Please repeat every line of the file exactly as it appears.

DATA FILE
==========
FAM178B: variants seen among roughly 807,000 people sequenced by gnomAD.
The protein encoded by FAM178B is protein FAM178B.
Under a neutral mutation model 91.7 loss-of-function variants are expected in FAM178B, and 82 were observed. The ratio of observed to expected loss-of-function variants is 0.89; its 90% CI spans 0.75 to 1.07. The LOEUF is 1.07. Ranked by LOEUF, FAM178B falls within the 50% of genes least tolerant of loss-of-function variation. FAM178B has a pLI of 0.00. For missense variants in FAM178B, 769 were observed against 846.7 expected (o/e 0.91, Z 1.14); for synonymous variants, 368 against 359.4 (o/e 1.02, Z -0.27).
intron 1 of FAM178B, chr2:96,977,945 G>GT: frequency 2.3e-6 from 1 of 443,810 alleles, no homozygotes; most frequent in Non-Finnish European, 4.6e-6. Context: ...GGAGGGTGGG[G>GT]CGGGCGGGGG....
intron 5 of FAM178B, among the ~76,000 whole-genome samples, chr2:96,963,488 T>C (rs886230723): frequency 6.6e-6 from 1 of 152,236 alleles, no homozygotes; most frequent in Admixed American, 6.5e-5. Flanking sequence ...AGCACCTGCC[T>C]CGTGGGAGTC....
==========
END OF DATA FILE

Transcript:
FAM178B: variants seen among roughly 807,000 people sequenced by gnomAD.
The protein encoded by FAM178B is protein FAM178B.
Under a neutral mutation model 91.7 loss-of-function variants are expected in FAM178B, and 82 were observed. The ratio of observed to expected loss-of-function variants is 0.89; its 90% CI spans 0.75 to 1.07. The LOEUF is 1.07. Ranked by LOEUF, FAM178B falls within the 50% of genes least tolerant of loss-of-function variation. FAM178B has a pLI of 0.00. For missense variants in FAM178B, 769 were observed against 846.7 expected (o/e 0.91, Z 1.14); for synonymous variants, 368 against 359.4 (o/e 1.02, Z -0.27).
intron 1 of FAM178B, chr2:96,977,945 G>GT: frequency 2.3e-6 from 1 of 443,810 alleles, no homozygotes; most frequent in Non-Finnish European, 4.6e-6. Context: ...GGAGGGTGGG[G>GT]CGGGCGGGGG....
intron 5 of FAM178B, among the ~76,000 whole-genome samples, chr2:96,963,488 T>C (rs886230723): frequency 6.6e-6 from 1 of 152,236 alleles, no homozygotes; most frequent in Admixed American, 6.5e-5. Flanking sequence ...AGCACCTGCC[T>C]CGTGGGAGTC....